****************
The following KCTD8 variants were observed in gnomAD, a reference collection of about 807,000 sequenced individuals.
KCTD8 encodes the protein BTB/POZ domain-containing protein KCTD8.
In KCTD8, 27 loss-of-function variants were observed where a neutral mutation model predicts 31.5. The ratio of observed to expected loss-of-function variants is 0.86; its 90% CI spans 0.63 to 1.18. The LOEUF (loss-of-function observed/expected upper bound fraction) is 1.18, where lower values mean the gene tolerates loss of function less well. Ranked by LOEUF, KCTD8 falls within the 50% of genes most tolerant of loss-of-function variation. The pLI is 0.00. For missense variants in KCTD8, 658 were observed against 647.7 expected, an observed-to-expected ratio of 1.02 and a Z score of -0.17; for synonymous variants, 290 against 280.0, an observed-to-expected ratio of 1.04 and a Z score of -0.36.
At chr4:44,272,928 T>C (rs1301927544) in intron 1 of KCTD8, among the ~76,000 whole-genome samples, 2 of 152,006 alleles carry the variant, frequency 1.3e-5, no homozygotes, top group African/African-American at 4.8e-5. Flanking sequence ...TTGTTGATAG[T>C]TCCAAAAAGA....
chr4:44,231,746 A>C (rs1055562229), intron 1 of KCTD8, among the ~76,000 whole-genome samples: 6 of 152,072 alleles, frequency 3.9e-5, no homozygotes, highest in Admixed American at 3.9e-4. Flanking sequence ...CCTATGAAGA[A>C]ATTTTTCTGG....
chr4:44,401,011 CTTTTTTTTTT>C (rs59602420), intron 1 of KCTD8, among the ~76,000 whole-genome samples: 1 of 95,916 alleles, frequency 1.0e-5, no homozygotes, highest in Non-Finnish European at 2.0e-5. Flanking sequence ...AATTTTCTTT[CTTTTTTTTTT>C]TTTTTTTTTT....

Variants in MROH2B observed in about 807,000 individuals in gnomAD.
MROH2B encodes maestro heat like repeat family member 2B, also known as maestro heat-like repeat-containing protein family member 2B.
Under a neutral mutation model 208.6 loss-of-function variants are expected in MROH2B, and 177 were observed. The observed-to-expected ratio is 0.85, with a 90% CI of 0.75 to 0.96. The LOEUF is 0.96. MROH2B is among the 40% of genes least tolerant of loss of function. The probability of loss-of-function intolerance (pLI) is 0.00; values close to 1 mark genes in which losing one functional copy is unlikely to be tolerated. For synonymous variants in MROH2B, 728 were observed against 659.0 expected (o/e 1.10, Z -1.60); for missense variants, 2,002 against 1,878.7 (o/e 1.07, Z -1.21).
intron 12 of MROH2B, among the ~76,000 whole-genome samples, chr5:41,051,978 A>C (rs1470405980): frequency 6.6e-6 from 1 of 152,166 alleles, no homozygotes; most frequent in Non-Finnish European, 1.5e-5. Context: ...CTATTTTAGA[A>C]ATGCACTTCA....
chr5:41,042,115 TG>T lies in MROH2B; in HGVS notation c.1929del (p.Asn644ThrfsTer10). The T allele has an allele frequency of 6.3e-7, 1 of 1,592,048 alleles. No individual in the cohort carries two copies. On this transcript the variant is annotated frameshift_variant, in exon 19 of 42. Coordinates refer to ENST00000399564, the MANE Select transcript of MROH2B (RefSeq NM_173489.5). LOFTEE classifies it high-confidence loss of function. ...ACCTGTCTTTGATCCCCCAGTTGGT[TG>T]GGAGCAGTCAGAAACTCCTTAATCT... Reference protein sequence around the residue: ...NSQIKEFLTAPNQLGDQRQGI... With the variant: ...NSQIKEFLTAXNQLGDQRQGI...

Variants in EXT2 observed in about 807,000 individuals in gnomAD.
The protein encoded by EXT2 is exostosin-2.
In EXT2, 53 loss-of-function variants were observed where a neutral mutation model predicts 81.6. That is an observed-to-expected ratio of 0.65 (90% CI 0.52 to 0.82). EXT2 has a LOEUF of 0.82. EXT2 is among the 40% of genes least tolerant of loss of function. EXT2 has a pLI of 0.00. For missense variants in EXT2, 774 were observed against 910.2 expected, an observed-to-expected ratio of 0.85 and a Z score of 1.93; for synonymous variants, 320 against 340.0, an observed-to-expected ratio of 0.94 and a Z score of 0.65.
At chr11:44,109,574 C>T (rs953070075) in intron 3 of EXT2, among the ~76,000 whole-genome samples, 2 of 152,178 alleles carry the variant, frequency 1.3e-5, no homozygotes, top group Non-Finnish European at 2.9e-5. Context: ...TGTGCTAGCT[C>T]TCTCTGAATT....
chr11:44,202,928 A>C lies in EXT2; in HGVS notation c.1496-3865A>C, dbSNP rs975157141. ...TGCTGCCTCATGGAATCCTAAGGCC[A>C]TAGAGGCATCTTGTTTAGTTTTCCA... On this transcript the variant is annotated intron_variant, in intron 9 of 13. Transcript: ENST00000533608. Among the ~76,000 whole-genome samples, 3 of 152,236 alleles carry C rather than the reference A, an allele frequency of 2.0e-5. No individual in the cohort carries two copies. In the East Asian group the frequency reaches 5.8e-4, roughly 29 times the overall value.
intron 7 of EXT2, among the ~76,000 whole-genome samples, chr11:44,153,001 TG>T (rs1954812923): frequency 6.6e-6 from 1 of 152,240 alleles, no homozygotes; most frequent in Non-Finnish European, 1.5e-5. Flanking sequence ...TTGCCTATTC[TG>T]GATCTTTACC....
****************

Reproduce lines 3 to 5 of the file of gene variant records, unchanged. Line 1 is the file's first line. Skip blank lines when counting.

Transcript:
In KCTD8, 27 loss-of-function variants were observed where a neutral mutation model predicts 31.5. The ratio of observed to expected loss-of-function variants is 0.86; its 90% CI spans 0.63 to 1.18. The LOEUF (loss-of-function observed/expected upper bound fraction) is 1.18, where lower values mean the gene tolerates loss of function less well. Ranked by LOEUF, KCTD8 falls within the 50% of genes most tolerant of loss-of-function variation. The pLI is 0.00. For missense variants in KCTD8, 658 were observed against 647.7 expected, an observed-to-expected ratio of 1.02 and a Z score of -0.17; for synonymous variants, 290 against 280.0, an observed-to-expected ratio of 1.04 and a Z score of -0.36.
At chr4:44,272,928 T>C (rs1301927544) in intron 1 of KCTD8, among the ~76,000 whole-genome samples, 2 of 152,006 alleles carry the variant, frequency 1.3e-5, no homozygotes, top group African/African-American at 4.8e-5. Flanking sequence ...TTGTTGATAG[T>C]TCCAAAAAGA....
chr4:44,231,746 A>C (rs1055562229), intron 1 of KCTD8, among the ~76,000 whole-genome samples: 6 of 152,072 alleles, frequency 3.9e-5, no homozygotes, highest in Admixed American at 3.9e-4. Flanking sequence ...CCTATGAAGA[A>C]ATTTTTCTGG....